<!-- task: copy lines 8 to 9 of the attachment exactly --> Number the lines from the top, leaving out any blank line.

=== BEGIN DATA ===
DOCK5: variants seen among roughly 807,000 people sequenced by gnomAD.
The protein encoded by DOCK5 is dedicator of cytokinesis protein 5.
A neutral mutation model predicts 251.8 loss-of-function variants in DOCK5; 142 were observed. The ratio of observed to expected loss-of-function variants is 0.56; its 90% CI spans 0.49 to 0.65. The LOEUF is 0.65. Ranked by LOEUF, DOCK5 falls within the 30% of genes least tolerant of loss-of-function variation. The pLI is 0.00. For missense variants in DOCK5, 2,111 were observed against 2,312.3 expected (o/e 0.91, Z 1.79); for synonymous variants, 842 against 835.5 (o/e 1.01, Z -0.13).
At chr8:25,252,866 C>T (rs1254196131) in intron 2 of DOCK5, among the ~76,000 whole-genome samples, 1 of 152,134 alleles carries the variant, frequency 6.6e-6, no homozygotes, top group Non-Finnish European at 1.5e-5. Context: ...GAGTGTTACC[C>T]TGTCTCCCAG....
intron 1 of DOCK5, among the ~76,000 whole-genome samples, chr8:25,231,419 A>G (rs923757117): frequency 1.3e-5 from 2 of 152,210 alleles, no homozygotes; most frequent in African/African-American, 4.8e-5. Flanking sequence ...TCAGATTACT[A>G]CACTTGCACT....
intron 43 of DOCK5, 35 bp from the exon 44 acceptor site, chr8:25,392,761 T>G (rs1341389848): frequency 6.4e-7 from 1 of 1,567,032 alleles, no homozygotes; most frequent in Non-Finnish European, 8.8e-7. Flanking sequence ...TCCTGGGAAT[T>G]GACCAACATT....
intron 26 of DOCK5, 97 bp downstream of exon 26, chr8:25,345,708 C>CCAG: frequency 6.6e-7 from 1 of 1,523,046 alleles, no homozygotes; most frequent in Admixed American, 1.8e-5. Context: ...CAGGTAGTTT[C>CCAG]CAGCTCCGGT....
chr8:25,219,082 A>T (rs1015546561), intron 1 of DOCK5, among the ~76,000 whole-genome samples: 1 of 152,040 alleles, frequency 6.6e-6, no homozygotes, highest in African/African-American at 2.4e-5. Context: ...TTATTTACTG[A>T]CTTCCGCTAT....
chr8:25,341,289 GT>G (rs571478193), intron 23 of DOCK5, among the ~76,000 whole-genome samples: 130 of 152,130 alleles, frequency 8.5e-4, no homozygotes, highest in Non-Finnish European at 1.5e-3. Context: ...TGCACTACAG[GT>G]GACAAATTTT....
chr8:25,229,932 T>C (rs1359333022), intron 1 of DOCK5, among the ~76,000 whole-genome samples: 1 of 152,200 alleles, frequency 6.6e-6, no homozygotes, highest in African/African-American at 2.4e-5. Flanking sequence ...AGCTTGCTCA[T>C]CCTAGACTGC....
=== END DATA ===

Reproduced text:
chr8:25,219,082 A>T (rs1015546561), intron 1 of DOCK5, among the ~76,000 whole-genome samples: 1 of 152,040 alleles, frequency 6.6e-6, no homozygotes, highest in African/African-American at 2.4e-5. Context: ...TTATTTACTG[A>T]CTTCCGCTAT....
chr8:25,341,289 GT>G (rs571478193), intron 23 of DOCK5, among the ~76,000 whole-genome samples: 130 of 152,130 alleles, frequency 8.5e-4, no homozygotes, highest in Non-Finnish European at 1.5e-3. Context: ...TGCACTACAG[GT>G]GACAAATTTT....